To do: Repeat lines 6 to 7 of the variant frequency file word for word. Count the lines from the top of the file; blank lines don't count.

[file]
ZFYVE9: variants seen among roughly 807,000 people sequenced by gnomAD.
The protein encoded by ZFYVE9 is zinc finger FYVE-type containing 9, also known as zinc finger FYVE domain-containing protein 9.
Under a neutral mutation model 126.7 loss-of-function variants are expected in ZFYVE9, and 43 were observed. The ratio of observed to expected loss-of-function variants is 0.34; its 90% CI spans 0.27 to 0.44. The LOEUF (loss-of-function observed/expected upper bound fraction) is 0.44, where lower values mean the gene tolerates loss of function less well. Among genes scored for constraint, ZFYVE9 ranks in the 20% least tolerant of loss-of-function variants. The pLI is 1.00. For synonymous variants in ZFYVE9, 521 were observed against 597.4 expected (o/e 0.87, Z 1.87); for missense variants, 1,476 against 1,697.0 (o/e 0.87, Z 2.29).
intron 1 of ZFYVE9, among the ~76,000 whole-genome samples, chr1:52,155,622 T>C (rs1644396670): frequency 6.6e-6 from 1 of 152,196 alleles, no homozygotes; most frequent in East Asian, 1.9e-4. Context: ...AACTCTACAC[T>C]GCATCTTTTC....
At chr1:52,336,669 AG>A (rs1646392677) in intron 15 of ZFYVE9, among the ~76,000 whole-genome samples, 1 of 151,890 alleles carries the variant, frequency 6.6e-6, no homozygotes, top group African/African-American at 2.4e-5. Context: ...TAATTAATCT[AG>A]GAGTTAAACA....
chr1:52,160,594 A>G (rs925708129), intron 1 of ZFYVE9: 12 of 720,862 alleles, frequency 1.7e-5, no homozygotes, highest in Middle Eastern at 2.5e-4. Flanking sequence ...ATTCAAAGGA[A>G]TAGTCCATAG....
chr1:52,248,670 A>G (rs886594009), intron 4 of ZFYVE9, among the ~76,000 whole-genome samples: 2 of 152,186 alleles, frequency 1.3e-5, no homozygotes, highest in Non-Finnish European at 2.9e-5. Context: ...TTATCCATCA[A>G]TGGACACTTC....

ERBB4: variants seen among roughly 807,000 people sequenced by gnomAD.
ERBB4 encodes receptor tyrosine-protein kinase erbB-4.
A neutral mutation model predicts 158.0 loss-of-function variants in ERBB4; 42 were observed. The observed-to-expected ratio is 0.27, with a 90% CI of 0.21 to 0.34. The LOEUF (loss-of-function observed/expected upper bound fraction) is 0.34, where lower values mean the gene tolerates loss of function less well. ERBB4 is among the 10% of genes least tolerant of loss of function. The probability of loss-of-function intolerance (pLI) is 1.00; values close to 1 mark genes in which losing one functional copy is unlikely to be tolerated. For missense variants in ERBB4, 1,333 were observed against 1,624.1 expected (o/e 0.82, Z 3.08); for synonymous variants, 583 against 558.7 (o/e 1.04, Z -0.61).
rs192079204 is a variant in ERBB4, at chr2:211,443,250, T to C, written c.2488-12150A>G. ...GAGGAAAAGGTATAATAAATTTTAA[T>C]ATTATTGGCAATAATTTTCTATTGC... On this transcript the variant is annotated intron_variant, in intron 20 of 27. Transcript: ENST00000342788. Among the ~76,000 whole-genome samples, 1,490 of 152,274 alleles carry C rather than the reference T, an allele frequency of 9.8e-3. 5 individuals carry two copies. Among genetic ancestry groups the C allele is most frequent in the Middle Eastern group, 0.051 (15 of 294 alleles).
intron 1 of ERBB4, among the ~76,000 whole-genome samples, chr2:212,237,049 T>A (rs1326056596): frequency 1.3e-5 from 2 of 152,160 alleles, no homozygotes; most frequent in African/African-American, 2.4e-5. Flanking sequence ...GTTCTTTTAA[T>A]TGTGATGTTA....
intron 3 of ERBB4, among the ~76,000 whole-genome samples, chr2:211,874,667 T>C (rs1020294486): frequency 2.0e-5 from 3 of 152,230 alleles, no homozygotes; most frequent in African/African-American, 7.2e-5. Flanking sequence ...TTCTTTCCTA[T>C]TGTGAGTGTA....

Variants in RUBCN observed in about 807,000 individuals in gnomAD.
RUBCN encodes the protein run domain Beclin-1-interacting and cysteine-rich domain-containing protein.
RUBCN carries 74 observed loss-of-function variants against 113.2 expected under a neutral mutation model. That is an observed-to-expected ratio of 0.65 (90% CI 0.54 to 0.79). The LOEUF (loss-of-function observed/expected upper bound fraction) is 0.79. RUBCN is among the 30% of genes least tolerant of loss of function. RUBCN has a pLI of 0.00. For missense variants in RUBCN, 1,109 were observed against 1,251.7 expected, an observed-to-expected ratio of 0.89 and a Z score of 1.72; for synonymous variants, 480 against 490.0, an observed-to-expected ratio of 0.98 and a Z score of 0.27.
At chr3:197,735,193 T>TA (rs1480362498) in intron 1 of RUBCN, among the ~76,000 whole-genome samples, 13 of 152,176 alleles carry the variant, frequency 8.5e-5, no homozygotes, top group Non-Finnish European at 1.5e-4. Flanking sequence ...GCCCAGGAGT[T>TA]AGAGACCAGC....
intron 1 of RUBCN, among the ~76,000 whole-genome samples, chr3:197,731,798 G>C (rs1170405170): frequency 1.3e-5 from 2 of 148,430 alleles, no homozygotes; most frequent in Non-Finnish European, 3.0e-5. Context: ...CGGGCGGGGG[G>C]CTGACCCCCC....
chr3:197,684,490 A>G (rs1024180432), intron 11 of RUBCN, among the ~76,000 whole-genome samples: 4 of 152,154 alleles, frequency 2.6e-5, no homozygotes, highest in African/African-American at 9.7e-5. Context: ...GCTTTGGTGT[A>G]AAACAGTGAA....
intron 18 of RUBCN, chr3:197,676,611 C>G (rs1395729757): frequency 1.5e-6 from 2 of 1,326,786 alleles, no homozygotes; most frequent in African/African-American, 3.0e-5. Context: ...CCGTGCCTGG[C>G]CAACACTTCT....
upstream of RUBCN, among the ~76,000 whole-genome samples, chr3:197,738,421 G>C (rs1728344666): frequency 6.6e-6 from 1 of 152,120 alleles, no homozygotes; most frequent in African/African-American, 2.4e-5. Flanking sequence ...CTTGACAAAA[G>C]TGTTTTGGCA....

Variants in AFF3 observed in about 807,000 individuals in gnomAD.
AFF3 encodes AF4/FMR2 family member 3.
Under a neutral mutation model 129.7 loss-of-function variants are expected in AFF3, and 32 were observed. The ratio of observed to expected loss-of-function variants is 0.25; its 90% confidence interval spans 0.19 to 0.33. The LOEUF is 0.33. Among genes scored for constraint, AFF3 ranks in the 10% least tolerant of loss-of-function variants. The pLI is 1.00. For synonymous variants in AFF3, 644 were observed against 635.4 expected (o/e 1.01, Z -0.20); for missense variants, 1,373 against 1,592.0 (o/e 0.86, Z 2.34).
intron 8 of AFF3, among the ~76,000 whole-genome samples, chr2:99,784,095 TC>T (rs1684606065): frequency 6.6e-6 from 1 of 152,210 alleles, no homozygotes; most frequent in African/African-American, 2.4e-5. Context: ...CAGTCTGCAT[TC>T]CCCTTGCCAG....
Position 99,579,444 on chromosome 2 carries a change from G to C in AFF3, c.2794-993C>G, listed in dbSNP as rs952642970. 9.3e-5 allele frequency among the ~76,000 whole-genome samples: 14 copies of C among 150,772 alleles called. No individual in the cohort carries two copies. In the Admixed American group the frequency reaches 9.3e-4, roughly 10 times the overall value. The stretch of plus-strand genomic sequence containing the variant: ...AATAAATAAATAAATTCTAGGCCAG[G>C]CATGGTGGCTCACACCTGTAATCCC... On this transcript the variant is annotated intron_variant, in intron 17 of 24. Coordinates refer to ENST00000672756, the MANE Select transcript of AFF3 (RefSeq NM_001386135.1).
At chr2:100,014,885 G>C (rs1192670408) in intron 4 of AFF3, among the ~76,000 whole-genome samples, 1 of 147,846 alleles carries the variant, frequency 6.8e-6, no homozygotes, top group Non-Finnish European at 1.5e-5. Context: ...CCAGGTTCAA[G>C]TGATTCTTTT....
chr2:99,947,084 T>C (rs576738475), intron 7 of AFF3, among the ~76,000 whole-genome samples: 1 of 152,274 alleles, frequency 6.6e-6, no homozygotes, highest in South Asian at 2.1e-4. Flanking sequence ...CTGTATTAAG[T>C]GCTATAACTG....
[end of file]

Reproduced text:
chr1:52,160,594 A>G (rs925708129), intron 1 of ZFYVE9: 12 of 720,862 alleles, frequency 1.7e-5, no homozygotes, highest in Middle Eastern at 2.5e-4. Flanking sequence ...ATTCAAAGGA[A>G]TAGTCCATAG....
chr1:52,248,670 A>G (rs886594009), intron 4 of ZFYVE9, among the ~76,000 whole-genome samples: 2 of 152,186 alleles, frequency 1.3e-5, no homozygotes, highest in Non-Finnish European at 2.9e-5. Context: ...TTATCCATCA[A>G]TGGACACTTC....